Prepare the Way of the Lord!

This Sunday, January 3, 2016 is the Sunday before Theophany.  This Sunday sets the stage for Theophany, the baptism of Christ by The Baptist.

It is interesting to note how the Gospel writers begin their works.  St. John begins with the pre-existence of Jesus Christ, the Word of God, as the second Person of the Trinity.  Both St. Luke and St. Matthew begin with birth narratives of our Lord.  In contrast, St. Mark begins his Gospel, not with a birth narrative, but with the ministry of St. John the Forerunner, Prophet, and Baptist.  Now, to understand the beginning of this Gospel one needs to turn to the very beginning — to the first verses of Genesis.  Here is a brief, but needed exploration of the first verses of the Scriptures from my translation of the Septuagint (Greek) text.

In the beginning God made the heaven and the earth.  Now the earth was unrecognizable [aoratos] and unfurnished [akataskeuastos], and darkness was upon the abyss, and the Spirit of God was brought [epephereto] upon the water.  And God said, “Let light come into being.  And light came into being.  (Gen 1; 1-3)

The state of creation was in chaos and needed deliverance.  In the ancient Hebrew mind, such a watery description was frightening and demanded a salvation.  So comes the Spirit of God upon the water [epephereto].  The Greek verb implies the action of bringing pronouncements and promises upon the chaotic situation.  Yet beyond that, the Spirit of God prepares the deliverance of creation.

Creation’s deliverance from such darkness and chaos is the manifestation of light at the word of God:  “And God said, “Let light come into being.  And light came into being.  Darkness was dispelled, and then the next steps of God’s salvation come to creation as structure is given to formlessness, and that which is unfurnished becomes furnished.  All is now prepared for the appearance of humanity — God’s vice-regents, priests, and prophets.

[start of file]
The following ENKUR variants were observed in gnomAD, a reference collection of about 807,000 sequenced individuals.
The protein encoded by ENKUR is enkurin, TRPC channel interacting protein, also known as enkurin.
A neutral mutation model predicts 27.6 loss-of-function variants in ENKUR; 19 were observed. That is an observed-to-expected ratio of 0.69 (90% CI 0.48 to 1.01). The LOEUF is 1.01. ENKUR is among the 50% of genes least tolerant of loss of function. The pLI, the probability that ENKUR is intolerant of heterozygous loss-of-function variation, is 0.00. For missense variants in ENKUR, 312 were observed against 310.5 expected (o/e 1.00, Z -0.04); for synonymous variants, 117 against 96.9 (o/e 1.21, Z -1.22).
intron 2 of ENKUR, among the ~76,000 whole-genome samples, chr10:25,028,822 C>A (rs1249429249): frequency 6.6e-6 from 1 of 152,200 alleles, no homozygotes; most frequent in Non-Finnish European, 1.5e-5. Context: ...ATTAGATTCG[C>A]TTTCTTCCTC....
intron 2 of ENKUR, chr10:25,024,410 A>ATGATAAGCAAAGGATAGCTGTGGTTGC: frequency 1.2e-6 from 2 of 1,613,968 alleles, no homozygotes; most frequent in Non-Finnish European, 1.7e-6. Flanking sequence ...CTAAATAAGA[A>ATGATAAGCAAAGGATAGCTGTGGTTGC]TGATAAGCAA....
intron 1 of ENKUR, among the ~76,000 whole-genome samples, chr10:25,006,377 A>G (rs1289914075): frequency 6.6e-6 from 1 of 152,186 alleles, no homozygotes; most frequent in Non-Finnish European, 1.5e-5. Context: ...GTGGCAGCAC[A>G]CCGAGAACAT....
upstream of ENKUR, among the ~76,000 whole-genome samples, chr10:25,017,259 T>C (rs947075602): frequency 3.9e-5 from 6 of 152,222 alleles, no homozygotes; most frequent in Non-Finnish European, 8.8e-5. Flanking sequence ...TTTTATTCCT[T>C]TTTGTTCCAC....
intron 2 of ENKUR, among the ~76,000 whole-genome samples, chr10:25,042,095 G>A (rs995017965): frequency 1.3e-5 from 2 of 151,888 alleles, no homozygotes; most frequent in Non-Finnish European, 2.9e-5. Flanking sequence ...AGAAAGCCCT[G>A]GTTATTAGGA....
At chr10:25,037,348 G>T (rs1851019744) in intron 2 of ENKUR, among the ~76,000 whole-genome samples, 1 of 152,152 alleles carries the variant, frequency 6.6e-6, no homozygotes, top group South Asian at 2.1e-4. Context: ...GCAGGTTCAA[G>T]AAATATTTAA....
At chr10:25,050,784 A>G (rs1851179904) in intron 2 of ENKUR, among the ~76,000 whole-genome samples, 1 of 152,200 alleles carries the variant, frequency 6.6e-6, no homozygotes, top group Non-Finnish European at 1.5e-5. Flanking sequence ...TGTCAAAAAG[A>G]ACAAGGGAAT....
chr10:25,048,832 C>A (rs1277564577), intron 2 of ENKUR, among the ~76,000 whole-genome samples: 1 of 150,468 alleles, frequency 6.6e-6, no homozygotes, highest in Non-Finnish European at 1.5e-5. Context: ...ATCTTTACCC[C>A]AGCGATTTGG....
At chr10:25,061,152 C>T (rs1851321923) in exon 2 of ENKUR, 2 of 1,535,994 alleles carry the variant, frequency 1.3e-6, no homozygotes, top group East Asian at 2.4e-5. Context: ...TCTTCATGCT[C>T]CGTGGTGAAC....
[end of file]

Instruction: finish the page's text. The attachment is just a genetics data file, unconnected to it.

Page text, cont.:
With this brief exploration of Genesis — the preparation of the Spirit bringing about creation’s deliverance, we can better understand the first verses of St. Mark’s Gospel:

The beginning of the gospel of Jesus Christ, the Son of God.  Just as it is written in Isaiah the prophet, “Behold, I will send my messenger before your face, who shall prepare [kataskeuasei] your way; a voice of one crying out in the wilderness:  Prepare the way of the Lord, make straight his paths (Mark 1: 1-3).

St. Mark the Evangelist

St. John the Baptist

St. John was a prophet.  A prophet is one who bears the Spirit of God.  In John’s person the Spirit of God is brought upon the scene of chaos of the world after the Fall.  As the Spirit of God acted in Genesis, so he acts through the person of John — pronouncements were brought upon hypocrites, and the promise of salvation was available for those who entered into his baptism of repentance.  And at the right time, the Word of God acts anew — Jesus is manifested to the world and all of creation by his baptism.  The Spirit of God descends on the Son of God, and his saving ministry begins.  The Light and Life of Christ appears and the darkness of sin, death, and alienation is driven away.  This is an astounding parallel to the Genesis text, and this parallel brings St. Mark’s gospel beginning to life with this understanding.

Note that St. Mark continues adding these words for our benefit: “John came baptizing in the wilderness proclaiming a baptism of repentance for the forgiveness of sins” (Mark 1: 4).  Jesus Christ came to make a new, re-created people to be citizens of a new world, a new kingdom.  The ongoing message of John’s ministry means repentance is necessary to enter into the new world, the Kingdom of God.  A redeemed and re-created people are to exist in this new Kingdom with an on-going repentance, and consequent holiness of life.  So, we are to pray with the words of a litany:  “That we may complete the remaining time of our life in peace and repentance, let us pray to the Lord.”

In Christ,
Fr. Irenaeus

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